Penn released its latest Climate and Sustainability Action Plan 3.0 on Tuesday, highlighting its five-year goals to promote sustainability on campus.
This is Penn's third Climate Action Plan, following an initial five-year plan in 2009 and 2014's Climate Action Plan 2.0. The new plan, which sets goals from 2019 to 2024, addresses issues such as increasing academic study of environmental issues, reducing carbon emissions and waste, and promoting sustainable behaviors among members of the Penn community.
Upon release, the Climate Action Plan 3.0 received considerable backlash from Fossil Free Penn, which argued the plan does not go far enough.
College senior Jacob Hershman, actions coordinator for Fossil Free Penn, said 15 members stood outside the plan's unveiling with signs saying “Not Enough” and “Stop Funding Climate Change." When members of Fossil Free Penn approached Penn President Amy Gutmann to inquire about her investment in fossil fuels, Hershman said they were ignored.
The plan is organized around seven goals developed by Penn's Environmental Sustainability Advisory Committee, which is made up of faculty, students, and staff who advise the president on sustainability issues.
University Architect Mark Kocent said one major change from previous versions of the plan is that "sustainability" was added to the title, moving away from an exclusive focus on climate change.
“The previous versions were just called the 'Climate Action Plan,'" Kocent said. "This one intentionally was called the 'Climate and Sustainability Action Plan.' Many of the things it encompasses are really focused on trying to encourage sustainable behaviors from the campus population as well as outreach in the academic component.”
In terms of "Utility and Operations," Penn Sustainability aims to reduce carbon emissions from buildings by 40% by 2024 and ultimately become carbon neutral by 2042. The "Outreach and Engagement" goal plans to create programs that get Penn students and leadership more involved in sustainability.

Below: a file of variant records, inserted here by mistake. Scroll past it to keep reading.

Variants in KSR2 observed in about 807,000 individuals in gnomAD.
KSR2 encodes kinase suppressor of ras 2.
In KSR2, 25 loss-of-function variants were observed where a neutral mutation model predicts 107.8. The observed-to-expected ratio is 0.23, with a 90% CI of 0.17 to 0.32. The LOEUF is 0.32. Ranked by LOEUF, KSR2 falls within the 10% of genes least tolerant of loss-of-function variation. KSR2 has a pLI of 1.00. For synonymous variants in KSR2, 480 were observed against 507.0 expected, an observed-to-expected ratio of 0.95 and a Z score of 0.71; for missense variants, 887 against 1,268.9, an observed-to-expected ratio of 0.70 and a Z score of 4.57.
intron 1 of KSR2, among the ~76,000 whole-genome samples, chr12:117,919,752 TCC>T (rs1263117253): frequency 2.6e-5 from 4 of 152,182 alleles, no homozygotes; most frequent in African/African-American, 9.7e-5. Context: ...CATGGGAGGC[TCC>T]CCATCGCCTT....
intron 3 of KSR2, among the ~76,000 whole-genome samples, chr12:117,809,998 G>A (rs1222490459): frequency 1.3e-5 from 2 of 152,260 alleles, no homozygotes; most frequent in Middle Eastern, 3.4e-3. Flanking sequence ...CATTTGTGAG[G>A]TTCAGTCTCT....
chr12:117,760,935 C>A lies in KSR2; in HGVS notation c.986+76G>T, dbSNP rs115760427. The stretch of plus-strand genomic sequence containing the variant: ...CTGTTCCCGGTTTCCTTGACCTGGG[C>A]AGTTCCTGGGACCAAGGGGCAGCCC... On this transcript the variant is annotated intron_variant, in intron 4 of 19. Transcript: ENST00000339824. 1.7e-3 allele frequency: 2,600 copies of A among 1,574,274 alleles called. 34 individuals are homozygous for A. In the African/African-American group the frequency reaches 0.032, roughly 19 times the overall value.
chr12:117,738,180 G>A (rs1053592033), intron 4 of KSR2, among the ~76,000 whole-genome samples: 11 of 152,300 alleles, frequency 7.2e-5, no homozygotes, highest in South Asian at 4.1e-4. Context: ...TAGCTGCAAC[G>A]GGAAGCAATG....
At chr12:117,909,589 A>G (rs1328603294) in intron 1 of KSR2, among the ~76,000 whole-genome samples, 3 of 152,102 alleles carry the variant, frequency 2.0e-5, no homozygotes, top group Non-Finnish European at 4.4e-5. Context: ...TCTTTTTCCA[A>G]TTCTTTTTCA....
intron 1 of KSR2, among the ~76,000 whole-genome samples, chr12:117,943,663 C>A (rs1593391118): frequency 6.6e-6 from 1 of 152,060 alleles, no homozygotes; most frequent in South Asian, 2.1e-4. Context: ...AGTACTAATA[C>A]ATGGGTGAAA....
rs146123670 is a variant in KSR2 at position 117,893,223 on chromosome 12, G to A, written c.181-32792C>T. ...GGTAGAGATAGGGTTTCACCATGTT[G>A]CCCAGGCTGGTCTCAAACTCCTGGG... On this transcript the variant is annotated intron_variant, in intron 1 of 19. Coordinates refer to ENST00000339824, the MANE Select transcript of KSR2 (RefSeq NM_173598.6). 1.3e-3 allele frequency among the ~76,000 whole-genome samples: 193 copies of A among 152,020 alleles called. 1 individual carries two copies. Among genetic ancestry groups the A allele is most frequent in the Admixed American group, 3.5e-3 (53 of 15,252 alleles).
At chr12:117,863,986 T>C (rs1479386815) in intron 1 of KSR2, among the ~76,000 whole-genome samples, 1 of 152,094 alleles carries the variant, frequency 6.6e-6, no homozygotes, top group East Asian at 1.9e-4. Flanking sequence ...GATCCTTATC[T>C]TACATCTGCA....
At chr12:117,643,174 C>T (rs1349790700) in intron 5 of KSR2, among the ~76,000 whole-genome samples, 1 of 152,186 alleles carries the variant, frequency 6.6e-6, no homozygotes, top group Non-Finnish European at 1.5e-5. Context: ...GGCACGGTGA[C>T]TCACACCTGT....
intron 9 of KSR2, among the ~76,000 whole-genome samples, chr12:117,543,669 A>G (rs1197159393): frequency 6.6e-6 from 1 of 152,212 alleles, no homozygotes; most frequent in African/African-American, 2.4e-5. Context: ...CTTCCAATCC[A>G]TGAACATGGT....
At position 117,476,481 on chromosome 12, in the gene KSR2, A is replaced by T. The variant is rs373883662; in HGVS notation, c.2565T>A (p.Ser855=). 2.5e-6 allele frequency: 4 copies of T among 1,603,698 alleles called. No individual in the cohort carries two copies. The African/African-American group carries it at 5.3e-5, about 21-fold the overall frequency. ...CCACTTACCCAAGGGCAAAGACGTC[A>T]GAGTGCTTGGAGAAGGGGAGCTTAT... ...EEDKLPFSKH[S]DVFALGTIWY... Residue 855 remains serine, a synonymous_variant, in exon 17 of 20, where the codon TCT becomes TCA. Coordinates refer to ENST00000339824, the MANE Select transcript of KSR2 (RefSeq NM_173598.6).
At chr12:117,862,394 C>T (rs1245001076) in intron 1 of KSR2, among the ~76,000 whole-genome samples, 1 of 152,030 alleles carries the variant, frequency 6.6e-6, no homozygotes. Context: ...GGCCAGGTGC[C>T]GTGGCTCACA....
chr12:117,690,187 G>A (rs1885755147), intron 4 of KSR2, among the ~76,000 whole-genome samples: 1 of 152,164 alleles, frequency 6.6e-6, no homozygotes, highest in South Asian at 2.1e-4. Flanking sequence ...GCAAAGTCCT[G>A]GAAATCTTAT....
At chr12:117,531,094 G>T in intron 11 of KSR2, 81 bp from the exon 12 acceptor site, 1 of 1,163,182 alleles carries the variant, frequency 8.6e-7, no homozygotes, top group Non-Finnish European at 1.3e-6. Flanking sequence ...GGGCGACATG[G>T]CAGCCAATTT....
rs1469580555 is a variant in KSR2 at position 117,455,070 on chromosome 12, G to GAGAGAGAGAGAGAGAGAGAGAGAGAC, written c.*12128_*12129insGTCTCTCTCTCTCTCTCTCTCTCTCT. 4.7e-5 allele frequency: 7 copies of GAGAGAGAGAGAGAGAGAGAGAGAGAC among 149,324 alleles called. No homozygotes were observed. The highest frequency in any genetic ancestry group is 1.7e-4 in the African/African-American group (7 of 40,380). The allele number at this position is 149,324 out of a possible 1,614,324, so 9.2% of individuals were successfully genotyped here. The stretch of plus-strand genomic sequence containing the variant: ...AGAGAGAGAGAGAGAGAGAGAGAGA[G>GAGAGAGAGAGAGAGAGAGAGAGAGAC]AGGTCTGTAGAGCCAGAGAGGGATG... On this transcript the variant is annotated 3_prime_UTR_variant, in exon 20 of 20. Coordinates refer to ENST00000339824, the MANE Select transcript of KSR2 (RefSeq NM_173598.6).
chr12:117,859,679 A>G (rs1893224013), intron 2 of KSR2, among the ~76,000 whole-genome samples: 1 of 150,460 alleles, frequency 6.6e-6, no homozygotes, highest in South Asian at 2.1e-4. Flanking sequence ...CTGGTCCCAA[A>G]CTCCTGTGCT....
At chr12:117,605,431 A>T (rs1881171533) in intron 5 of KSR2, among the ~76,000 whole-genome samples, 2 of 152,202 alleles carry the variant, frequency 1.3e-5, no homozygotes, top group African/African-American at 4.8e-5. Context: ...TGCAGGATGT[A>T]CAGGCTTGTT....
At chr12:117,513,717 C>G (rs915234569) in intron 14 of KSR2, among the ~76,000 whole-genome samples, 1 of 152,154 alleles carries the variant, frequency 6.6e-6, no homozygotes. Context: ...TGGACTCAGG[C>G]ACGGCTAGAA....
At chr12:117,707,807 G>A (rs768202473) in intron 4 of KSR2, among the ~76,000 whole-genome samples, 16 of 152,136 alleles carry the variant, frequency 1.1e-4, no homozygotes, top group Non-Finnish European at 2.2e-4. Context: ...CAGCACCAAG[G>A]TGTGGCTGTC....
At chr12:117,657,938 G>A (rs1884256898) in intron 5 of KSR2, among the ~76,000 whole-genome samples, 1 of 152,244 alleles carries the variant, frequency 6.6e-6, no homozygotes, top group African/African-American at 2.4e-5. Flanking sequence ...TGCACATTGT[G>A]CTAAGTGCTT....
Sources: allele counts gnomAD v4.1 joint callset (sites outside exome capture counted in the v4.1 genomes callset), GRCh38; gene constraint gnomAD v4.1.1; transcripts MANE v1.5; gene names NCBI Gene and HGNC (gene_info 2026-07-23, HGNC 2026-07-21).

On "Academics," the plan calls for increasing cross-disciplinary environmental research, creating a "campus-as-lab" program for applied sustainability learning, improving opportunities for sustainability education at Penn, and developing a Civic Sustainability Fellowship program to give Penn students internships with local environmental agencies.
The "Physical Environment" goal calls for using sustainable practices in campus design and water management. This ties into "Waste Minimization and Recycling," which involves tracking waste and evaluating infrastructure to decrease the amount of garbage Penn sends to landfills.
For the "Purchasing" goal, Penn Sustainability plans to shift to buying sustainable food products and office equipment, as well as encouraging purchase of low-emission vehicles. The plan also includes a specific goal for "Transportation," which involves adding four new electric charging stations and making campus more accessible for bicyclists and pedestrians.
The seven broad goals of this year's plan match those of the 2014 Climate Action Plan 2.0, which have seen steady progress, according to a Penn Sustainability report. While Penn offered 170 courses related to sustainability in 2014, today there are more than 400 sustainability-related courses. Between 2014 and 2019, Penn has also reduced building-related carbon emissions by 14.8% and increased waste diversion to 28%. As of 2019, 48% of staff now commute sustainably through carpooling, biking, or public transit.
Hershman said the new plan is “cursory," “vague," and “doesn’t improve upon anything set out in 2014." He said many of Penn's 400 sustainability courses are not really related to sustainability and criticized the University for sending waste to incinerators in disadvantaged communities.
“The basis of our campaigns has always been Penn is not doing enough, and thus requires a group like Fossil Free Penn to keep pushing for higher standards," Hershman said. "An institution like Penn that has an endowment of $14.7 billion not only has a symbolic and moral responsibility to make these changes, it also has the financial capital to do so and it’s not doing it.”